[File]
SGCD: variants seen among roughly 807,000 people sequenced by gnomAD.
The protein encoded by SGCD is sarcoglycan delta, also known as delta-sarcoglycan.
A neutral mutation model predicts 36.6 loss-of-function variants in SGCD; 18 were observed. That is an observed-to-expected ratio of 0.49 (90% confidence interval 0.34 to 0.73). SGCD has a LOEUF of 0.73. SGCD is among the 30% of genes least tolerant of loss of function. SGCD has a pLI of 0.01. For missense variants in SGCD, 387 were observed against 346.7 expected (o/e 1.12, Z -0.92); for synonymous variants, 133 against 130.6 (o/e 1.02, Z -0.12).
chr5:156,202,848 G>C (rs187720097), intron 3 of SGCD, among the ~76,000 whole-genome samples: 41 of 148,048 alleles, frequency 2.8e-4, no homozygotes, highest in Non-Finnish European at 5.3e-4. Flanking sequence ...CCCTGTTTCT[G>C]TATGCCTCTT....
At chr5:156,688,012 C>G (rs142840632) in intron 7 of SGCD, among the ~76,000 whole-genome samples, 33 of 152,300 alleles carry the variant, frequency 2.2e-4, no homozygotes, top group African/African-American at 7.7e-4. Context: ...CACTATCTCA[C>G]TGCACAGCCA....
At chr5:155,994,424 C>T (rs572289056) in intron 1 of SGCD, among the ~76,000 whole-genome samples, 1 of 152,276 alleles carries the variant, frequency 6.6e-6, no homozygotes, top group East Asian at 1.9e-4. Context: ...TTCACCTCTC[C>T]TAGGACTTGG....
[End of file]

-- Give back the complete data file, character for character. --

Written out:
SGCD: variants seen among roughly 807,000 people sequenced by gnomAD.
The protein encoded by SGCD is sarcoglycan delta, also known as delta-sarcoglycan.
A neutral mutation model predicts 36.6 loss-of-function variants in SGCD; 18 were observed. That is an observed-to-expected ratio of 0.49 (90% confidence interval 0.34 to 0.73). SGCD has a LOEUF of 0.73. SGCD is among the 30% of genes least tolerant of loss of function. SGCD has a pLI of 0.01. For missense variants in SGCD, 387 were observed against 346.7 expected (o/e 1.12, Z -0.92); for synonymous variants, 133 against 130.6 (o/e 1.02, Z -0.12).
chr5:156,202,848 G>C (rs187720097), intron 3 of SGCD, among the ~76,000 whole-genome samples: 41 of 148,048 alleles, frequency 2.8e-4, no homozygotes, highest in Non-Finnish European at 5.3e-4. Flanking sequence ...CCCTGTTTCT[G>C]TATGCCTCTT....
At chr5:156,688,012 C>G (rs142840632) in intron 7 of SGCD, among the ~76,000 whole-genome samples, 33 of 152,300 alleles carry the variant, frequency 2.2e-4, no homozygotes, top group African/African-American at 7.7e-4. Context: ...CACTATCTCA[C>G]TGCACAGCCA....
At chr5:155,994,424 C>T (rs572289056) in intron 1 of SGCD, among the ~76,000 whole-genome samples, 1 of 152,276 alleles carries the variant, frequency 6.6e-6, no homozygotes, top group East Asian at 1.9e-4. Context: ...TTCACCTCTC[C>T]TAGGACTTGG....